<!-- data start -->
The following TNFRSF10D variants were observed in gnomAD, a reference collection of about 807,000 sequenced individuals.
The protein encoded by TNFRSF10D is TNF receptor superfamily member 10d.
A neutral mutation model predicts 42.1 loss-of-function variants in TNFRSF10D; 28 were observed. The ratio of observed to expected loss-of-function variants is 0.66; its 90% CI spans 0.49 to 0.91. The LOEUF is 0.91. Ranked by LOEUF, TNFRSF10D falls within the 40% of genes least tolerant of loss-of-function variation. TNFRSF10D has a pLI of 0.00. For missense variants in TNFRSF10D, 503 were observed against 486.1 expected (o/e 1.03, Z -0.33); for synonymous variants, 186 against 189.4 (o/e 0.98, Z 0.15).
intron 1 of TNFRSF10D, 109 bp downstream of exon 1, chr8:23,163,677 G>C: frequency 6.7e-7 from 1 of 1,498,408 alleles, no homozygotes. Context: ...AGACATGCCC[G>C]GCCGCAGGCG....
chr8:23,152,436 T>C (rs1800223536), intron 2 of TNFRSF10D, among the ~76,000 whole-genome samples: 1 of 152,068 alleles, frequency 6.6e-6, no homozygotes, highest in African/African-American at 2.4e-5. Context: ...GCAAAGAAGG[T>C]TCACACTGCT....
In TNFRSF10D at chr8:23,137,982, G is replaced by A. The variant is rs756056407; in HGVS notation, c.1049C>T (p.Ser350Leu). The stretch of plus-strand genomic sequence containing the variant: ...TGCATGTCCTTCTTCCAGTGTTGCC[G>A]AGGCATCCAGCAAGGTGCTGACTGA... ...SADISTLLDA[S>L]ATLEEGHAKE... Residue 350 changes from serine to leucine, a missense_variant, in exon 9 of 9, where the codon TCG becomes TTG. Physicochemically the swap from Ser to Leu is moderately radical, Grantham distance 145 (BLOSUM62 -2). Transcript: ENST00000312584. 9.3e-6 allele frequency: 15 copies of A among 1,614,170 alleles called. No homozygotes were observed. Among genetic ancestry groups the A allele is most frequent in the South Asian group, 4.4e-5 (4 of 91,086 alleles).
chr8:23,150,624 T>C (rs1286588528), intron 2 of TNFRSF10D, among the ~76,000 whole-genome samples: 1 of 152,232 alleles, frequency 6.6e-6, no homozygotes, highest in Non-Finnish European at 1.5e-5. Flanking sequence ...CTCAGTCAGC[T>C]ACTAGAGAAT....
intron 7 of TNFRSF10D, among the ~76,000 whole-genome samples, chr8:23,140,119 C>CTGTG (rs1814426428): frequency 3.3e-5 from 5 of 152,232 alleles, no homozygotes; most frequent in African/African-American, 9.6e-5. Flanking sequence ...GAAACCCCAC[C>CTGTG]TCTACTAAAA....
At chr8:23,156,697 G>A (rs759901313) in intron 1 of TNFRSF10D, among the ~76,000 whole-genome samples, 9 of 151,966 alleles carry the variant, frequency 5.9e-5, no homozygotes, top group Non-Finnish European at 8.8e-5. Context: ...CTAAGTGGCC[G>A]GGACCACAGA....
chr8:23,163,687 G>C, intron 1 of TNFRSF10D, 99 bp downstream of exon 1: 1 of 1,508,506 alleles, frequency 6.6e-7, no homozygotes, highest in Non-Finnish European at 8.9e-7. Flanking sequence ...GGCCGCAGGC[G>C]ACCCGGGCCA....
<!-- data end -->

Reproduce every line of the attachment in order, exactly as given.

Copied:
The following TNFRSF10D variants were observed in gnomAD, a reference collection of about 807,000 sequenced individuals.
The protein encoded by TNFRSF10D is TNF receptor superfamily member 10d.
A neutral mutation model predicts 42.1 loss-of-function variants in TNFRSF10D; 28 were observed. The ratio of observed to expected loss-of-function variants is 0.66; its 90% CI spans 0.49 to 0.91. The LOEUF is 0.91. Ranked by LOEUF, TNFRSF10D falls within the 40% of genes least tolerant of loss-of-function variation. TNFRSF10D has a pLI of 0.00. For missense variants in TNFRSF10D, 503 were observed against 486.1 expected (o/e 1.03, Z -0.33); for synonymous variants, 186 against 189.4 (o/e 0.98, Z 0.15).
intron 1 of TNFRSF10D, 109 bp downstream of exon 1, chr8:23,163,677 G>C: frequency 6.7e-7 from 1 of 1,498,408 alleles, no homozygotes. Context: ...AGACATGCCC[G>C]GCCGCAGGCG....
chr8:23,152,436 T>C (rs1800223536), intron 2 of TNFRSF10D, among the ~76,000 whole-genome samples: 1 of 152,068 alleles, frequency 6.6e-6, no homozygotes, highest in African/African-American at 2.4e-5. Context: ...GCAAAGAAGG[T>C]TCACACTGCT....
In TNFRSF10D at chr8:23,137,982, G is replaced by A. The variant is rs756056407; in HGVS notation, c.1049C>T (p.Ser350Leu). The stretch of plus-strand genomic sequence containing the variant: ...TGCATGTCCTTCTTCCAGTGTTGCC[G>A]AGGCATCCAGCAAGGTGCTGACTGA... ...SADISTLLDA[S>L]ATLEEGHAKE... Residue 350 changes from serine to leucine, a missense_variant, in exon 9 of 9, where the codon TCG becomes TTG. Physicochemically the swap from Ser to Leu is moderately radical, Grantham distance 145 (BLOSUM62 -2). Transcript: ENST00000312584. 9.3e-6 allele frequency: 15 copies of A among 1,614,170 alleles called. No homozygotes were observed. Among genetic ancestry groups the A allele is most frequent in the South Asian group, 4.4e-5 (4 of 91,086 alleles).
chr8:23,150,624 T>C (rs1286588528), intron 2 of TNFRSF10D, among the ~76,000 whole-genome samples: 1 of 152,232 alleles, frequency 6.6e-6, no homozygotes, highest in Non-Finnish European at 1.5e-5. Flanking sequence ...CTCAGTCAGC[T>C]ACTAGAGAAT....
intron 7 of TNFRSF10D, among the ~76,000 whole-genome samples, chr8:23,140,119 C>CTGTG (rs1814426428): frequency 3.3e-5 from 5 of 152,232 alleles, no homozygotes; most frequent in African/African-American, 9.6e-5. Flanking sequence ...GAAACCCCAC[C>CTGTG]TCTACTAAAA....
At chr8:23,156,697 G>A (rs759901313) in intron 1 of TNFRSF10D, among the ~76,000 whole-genome samples, 9 of 151,966 alleles carry the variant, frequency 5.9e-5, no homozygotes, top group Non-Finnish European at 8.8e-5. Context: ...CTAAGTGGCC[G>A]GGACCACAGA....
chr8:23,163,687 G>C, intron 1 of TNFRSF10D, 99 bp downstream of exon 1: 1 of 1,508,506 alleles, frequency 6.6e-7, no homozygotes, highest in Non-Finnish European at 8.9e-7. Flanking sequence ...GGCCGCAGGC[G>C]ACCCGGGCCA....